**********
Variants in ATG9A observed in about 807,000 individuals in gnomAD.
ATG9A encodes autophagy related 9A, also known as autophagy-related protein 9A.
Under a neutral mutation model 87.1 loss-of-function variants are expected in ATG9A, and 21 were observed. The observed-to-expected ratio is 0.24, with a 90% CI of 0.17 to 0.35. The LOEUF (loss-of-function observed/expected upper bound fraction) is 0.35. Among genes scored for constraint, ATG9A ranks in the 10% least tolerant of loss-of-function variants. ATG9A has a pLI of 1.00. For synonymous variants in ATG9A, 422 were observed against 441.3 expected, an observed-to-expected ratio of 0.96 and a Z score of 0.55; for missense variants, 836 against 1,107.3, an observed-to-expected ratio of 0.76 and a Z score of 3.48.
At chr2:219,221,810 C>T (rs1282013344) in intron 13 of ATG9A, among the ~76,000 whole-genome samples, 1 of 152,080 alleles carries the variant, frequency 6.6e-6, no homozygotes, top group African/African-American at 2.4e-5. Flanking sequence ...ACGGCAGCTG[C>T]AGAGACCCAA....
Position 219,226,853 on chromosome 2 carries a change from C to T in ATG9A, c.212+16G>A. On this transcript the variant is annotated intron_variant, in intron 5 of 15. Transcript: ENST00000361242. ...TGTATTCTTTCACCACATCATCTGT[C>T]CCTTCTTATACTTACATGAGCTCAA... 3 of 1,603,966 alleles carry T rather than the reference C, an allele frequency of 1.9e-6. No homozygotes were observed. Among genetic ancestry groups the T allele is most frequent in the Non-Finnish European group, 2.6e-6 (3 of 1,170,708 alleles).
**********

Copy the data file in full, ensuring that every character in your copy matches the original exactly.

Variants in ATG9A observed in about 807,000 individuals in gnomAD.
ATG9A encodes autophagy related 9A, also known as autophagy-related protein 9A.
Under a neutral mutation model 87.1 loss-of-function variants are expected in ATG9A, and 21 were observed. The observed-to-expected ratio is 0.24, with a 90% CI of 0.17 to 0.35. The LOEUF (loss-of-function observed/expected upper bound fraction) is 0.35. Among genes scored for constraint, ATG9A ranks in the 10% least tolerant of loss-of-function variants. ATG9A has a pLI of 1.00. For synonymous variants in ATG9A, 422 were observed against 441.3 expected, an observed-to-expected ratio of 0.96 and a Z score of 0.55; for missense variants, 836 against 1,107.3, an observed-to-expected ratio of 0.76 and a Z score of 3.48.
At chr2:219,221,810 C>T (rs1282013344) in intron 13 of ATG9A, among the ~76,000 whole-genome samples, 1 of 152,080 alleles carries the variant, frequency 6.6e-6, no homozygotes, top group African/African-American at 2.4e-5. Flanking sequence ...ACGGCAGCTG[C>T]AGAGACCCAA....
Position 219,226,853 on chromosome 2 carries a change from C to T in ATG9A, c.212+16G>A. On this transcript the variant is annotated intron_variant, in intron 5 of 15. Transcript: ENST00000361242. ...TGTATTCTTTCACCACATCATCTGT[C>T]CCTTCTTATACTTACATGAGCTCAA... 3 of 1,603,966 alleles carry T rather than the reference C, an allele frequency of 1.9e-6. No homozygotes were observed. Among genetic ancestry groups the T allele is most frequent in the Non-Finnish European group, 2.6e-6 (3 of 1,170,708 alleles).